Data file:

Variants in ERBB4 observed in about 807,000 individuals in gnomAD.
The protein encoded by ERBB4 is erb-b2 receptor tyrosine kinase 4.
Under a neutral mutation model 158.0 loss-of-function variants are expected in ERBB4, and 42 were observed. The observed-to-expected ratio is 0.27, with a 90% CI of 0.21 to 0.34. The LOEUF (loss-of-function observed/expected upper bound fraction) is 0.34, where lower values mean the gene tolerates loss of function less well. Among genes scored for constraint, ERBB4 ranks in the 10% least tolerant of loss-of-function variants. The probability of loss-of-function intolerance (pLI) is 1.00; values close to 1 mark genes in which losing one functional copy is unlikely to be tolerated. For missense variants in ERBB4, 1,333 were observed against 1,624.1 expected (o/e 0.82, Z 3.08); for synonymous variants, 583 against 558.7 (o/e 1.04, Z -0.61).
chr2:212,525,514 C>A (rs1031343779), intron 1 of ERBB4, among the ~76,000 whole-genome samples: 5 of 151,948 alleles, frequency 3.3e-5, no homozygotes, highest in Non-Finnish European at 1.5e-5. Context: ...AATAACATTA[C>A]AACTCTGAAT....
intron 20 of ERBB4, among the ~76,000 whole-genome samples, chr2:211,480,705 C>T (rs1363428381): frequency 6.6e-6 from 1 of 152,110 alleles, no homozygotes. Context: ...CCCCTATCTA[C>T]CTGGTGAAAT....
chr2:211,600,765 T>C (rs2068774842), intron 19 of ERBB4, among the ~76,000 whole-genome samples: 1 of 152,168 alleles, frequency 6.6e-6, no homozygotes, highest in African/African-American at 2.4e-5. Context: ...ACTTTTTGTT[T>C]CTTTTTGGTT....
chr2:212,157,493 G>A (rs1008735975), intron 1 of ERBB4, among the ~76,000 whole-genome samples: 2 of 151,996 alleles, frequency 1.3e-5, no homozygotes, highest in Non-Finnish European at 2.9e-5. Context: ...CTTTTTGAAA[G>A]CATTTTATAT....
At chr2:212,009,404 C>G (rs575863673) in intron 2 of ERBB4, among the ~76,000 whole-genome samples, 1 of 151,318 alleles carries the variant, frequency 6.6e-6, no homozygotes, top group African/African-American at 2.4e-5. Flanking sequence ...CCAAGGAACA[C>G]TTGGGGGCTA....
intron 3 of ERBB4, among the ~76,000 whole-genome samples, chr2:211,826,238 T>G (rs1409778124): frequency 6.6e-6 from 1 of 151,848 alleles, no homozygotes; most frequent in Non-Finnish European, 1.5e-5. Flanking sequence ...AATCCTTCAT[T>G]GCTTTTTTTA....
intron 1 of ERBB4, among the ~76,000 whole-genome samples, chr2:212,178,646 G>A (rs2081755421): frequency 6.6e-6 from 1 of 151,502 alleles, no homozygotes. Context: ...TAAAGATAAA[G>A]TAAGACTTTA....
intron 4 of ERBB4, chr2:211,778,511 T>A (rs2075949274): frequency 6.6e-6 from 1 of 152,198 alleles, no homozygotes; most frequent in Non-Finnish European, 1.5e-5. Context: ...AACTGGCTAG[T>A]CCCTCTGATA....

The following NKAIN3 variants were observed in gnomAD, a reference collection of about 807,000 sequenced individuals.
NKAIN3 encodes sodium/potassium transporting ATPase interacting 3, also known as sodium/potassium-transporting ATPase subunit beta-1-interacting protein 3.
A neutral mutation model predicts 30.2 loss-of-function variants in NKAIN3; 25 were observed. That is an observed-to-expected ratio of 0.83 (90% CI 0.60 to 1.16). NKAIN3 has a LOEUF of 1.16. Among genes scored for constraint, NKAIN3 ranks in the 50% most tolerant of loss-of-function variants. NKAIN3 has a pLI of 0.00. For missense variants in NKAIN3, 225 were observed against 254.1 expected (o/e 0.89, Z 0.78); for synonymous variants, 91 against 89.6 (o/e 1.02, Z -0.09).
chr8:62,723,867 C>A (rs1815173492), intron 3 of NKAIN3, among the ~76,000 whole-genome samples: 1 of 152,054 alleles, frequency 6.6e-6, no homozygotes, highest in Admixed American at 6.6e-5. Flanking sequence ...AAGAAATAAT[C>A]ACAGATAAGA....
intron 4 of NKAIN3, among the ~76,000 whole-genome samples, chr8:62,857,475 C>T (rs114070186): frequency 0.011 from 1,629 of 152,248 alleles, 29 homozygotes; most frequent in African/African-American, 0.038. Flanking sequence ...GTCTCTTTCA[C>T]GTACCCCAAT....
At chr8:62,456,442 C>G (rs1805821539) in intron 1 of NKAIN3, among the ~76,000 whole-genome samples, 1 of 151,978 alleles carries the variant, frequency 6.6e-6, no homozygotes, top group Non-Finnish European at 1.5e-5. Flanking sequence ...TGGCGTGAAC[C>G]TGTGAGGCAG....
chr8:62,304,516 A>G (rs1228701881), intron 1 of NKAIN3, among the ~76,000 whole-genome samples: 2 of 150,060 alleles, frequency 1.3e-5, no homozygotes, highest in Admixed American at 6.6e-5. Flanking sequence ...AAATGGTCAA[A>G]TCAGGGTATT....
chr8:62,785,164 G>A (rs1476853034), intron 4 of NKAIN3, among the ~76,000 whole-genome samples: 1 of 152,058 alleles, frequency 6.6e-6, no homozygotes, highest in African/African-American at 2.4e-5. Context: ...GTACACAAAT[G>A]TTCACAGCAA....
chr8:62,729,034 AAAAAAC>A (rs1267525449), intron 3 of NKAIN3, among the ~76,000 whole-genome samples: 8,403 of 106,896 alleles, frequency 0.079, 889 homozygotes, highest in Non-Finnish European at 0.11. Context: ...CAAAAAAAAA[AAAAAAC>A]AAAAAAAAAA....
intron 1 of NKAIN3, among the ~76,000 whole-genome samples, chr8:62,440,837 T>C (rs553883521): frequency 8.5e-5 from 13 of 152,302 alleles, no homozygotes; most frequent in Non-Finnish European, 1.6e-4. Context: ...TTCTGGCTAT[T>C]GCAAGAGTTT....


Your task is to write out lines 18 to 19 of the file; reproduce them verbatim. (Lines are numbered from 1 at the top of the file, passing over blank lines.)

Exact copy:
chr8:62,304,516 A>G (rs1228701881), intron 1 of NKAIN3, among the ~76,000 whole-genome samples: 2 of 150,060 alleles, frequency 1.3e-5, no homozygotes, highest in Admixed American at 6.6e-5. Flanking sequence ...AAATGGTCAA[A>G]TCAGGGTATT....
chr8:62,785,164 G>A (rs1476853034), intron 4 of NKAIN3, among the ~76,000 whole-genome samples: 1 of 152,058 alleles, frequency 6.6e-6, no homozygotes, highest in African/African-American at 2.4e-5. Context: ...GTACACAAAT[G>A]TTCACAGCAA....